Polyphia – Look But Don’t Touch
It’s still rather disappointing that Polyphia’s experiments at fusing prog, math-rock and trap didn’t quite pan out as best they could last year, but New Levels New Devils proved utterly fascinating all the same, and if there was even something worth tightening and refining to really get as much potential out as possible, it would be this. So, striking while the iron is hot and collaborating with US singer Lewis Grant, Look But Don’t Touch already sees some rapid improvements to the formula, bringing that angularity to the table once again but augmenting it with even more snarl and snap, keeping the pinpoint precision of the electronic elements but with the rubbery wildness of guitar work that contorting itself all over the place but still managing to hold form. As for Grant’s presence, his earnest warbles aren’t necessarily bad, but introducing him in the back half of the track and dialing everything back to give him space feels like a wasted opportunity to carry on with the same fruitful thread, and it really does bring the track to a crawl. But still, Polyphia only look to be tweaking their approach for the better, and even with the kinks that still remains, there’s a lot here to be hopeful about going forward.
The Get Up Kids – Problems
It’s good to see the genuine excitement around The Get Up Kids next album is prevailing, especially when their Kicker EP last year proved to be something of a non-starter. It’s not hard to see the difference though – this new material just comes across a lot stronger, and The Problem Is Me is no different. There’s still plenty of earnestness in Matt Pryor’s self-examining bleats as a factor that’s always been present, but with a larger emphasis on dancing piano lines to go with the fuzzy power-pop lilt, there’s a sensibility to it all that distinctly pulls from classic pop, especially given how brazen and bold everything is made to be. And of course, it’s catchy as sin in a way that The Get Up Kids have perfected at this point, but it never feels throwaway and has the inner strength to really pull off some heavy lifting. It’s definitely simple, but it’s another great song from a band whose newest wind seems to be getting better and better by the day.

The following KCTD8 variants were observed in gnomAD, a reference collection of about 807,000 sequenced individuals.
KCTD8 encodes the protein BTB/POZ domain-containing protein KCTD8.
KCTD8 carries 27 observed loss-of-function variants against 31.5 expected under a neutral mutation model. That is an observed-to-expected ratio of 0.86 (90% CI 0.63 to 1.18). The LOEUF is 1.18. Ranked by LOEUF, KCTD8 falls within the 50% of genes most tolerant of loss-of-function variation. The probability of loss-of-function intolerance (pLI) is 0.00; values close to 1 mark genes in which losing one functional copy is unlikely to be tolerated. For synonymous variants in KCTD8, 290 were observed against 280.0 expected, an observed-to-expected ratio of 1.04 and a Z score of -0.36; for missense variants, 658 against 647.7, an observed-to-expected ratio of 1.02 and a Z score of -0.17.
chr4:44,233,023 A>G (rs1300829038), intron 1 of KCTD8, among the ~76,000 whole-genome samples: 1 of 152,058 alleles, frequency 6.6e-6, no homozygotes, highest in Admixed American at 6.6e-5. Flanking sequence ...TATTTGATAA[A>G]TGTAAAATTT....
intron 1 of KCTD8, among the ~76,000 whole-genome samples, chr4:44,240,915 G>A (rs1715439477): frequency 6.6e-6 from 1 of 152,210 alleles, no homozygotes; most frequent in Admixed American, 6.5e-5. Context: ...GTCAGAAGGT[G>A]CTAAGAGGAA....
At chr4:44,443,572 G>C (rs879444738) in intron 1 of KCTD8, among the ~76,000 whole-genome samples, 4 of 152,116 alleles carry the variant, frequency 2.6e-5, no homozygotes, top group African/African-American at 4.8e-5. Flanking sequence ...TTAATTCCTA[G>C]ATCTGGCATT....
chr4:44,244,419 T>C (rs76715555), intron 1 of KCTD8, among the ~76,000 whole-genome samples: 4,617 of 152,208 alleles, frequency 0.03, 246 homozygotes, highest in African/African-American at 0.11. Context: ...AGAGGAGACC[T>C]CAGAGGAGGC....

Cursed Earth – Fear
A band like Cursed Earth is all too tempting to lump into the crowd of uber-blunt metallic hardcore mosh-fiends without a second thought, but it actually looks like they’re doing something interesting right now. The departure of vocalist Jazmine Luders has prompted them to recruit individual vocalists from across the scene to take up duties on their new project, with this lead single headed up by Kublai Khan’s Matt Honeycutt, and while it’s not all too different from what either band have offered in the past, there’s definitely something to like here. The onus on pure heft is brought right to the fore, and with Honeycutt’s vocals having the necessary savagery to tear through a track like this, it’s definitely doing enough to leave a crater-sized impact, even if that’s only on a surface level. Even with that though, it feels like Cursed Earth’s project will thrive more as a full piece than broken up into its individual elements, so even while this is promising, the real treat will undoubtedly come when the entire thing drops and things really take shape.
Altered Sky – Surrounded